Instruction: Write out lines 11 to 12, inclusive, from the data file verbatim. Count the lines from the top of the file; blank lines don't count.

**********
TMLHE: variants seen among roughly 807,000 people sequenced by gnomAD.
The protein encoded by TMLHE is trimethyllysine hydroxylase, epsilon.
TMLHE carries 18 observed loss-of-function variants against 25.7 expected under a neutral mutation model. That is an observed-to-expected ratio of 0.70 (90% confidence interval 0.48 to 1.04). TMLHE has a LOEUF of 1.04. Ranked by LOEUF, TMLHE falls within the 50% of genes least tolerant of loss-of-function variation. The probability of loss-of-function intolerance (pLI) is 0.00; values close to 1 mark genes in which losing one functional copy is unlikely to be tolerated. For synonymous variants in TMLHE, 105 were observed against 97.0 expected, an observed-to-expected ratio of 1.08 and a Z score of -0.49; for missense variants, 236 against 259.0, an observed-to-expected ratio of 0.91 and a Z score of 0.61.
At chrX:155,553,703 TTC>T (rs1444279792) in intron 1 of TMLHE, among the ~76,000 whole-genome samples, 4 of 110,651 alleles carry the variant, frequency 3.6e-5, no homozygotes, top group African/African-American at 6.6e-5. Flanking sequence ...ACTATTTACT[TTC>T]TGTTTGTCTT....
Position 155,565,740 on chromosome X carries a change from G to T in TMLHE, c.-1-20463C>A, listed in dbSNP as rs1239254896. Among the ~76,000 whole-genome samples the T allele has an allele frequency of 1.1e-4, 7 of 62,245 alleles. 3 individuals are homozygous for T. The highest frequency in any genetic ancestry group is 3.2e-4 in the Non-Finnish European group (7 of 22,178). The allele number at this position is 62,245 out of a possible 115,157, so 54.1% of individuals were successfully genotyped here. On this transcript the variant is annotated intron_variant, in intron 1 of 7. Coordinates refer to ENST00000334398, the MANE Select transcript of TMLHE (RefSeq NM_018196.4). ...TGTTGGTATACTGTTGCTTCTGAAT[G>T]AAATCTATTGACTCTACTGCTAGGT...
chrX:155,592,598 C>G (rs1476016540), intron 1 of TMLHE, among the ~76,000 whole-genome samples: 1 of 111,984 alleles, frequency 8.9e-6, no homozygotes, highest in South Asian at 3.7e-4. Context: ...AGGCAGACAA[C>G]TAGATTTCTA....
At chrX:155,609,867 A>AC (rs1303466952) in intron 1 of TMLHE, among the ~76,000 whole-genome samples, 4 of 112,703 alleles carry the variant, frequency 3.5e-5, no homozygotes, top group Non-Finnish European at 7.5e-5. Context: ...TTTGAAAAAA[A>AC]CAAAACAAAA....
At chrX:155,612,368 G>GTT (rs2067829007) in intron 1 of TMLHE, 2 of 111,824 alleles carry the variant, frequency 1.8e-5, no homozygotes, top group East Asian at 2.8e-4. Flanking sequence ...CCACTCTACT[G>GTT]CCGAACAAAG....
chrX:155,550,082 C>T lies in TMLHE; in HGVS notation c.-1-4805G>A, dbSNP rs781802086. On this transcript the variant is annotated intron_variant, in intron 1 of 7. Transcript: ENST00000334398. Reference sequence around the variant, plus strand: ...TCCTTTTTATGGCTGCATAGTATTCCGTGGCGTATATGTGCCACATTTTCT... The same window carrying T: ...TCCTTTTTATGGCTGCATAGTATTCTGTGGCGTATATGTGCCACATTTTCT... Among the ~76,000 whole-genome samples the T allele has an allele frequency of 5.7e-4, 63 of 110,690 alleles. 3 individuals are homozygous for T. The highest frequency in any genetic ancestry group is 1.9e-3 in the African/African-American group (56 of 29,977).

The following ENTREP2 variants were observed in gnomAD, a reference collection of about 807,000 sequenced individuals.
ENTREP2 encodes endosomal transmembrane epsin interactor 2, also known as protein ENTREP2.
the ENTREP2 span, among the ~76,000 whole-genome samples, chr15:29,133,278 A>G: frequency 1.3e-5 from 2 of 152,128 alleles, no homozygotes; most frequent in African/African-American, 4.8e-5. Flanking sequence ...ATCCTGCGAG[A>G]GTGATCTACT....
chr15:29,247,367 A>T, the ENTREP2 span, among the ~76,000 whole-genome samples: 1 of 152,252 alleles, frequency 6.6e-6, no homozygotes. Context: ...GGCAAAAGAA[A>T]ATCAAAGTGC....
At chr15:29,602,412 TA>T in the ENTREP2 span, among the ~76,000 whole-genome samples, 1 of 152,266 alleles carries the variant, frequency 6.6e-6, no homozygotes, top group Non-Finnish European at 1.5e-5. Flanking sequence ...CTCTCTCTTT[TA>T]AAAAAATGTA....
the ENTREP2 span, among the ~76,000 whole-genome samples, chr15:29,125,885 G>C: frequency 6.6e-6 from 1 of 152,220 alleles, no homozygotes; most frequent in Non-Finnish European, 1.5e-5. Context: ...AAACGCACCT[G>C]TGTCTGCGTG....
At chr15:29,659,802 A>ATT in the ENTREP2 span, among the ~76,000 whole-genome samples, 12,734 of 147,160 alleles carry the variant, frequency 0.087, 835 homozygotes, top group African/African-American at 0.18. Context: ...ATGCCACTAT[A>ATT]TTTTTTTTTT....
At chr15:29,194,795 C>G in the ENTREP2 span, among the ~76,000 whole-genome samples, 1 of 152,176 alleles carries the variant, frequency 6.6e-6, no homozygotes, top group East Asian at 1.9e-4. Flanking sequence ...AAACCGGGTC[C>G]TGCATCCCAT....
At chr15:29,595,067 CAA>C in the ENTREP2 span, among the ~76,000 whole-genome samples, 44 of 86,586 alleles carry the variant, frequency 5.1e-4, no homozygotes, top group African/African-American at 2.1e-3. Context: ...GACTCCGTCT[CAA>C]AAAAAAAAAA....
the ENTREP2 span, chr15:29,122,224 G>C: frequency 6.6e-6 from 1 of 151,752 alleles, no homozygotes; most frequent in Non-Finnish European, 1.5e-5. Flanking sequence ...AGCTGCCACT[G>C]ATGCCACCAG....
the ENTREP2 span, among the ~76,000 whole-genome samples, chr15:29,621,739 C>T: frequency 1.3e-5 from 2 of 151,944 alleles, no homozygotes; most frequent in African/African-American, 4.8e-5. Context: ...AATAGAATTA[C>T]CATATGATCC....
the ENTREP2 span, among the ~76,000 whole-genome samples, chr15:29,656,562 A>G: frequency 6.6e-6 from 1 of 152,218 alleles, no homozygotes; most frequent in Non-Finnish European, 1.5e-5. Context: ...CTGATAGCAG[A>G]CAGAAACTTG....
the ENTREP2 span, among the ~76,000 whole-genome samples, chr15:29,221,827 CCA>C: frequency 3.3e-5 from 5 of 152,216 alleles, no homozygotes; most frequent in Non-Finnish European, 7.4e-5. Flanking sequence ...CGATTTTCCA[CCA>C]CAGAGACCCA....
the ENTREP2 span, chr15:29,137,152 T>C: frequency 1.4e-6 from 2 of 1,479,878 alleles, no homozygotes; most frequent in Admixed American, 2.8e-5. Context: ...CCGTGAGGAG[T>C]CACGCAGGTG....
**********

ENTREP2 encodes endosomal transmembrane epsin interactor 2, also known as protein ENTREP2.
the ENTREP2 span, among the ~76,000 whole-genome samples, chr15:29,133,278 A>G: frequency 1.3e-5 from 2 of 152,128 alleles, no homozygotes; most frequent in African/African-American, 4.8e-5. Flanking sequence ...ATCCTGCGAG[A>G]GTGATCTACT....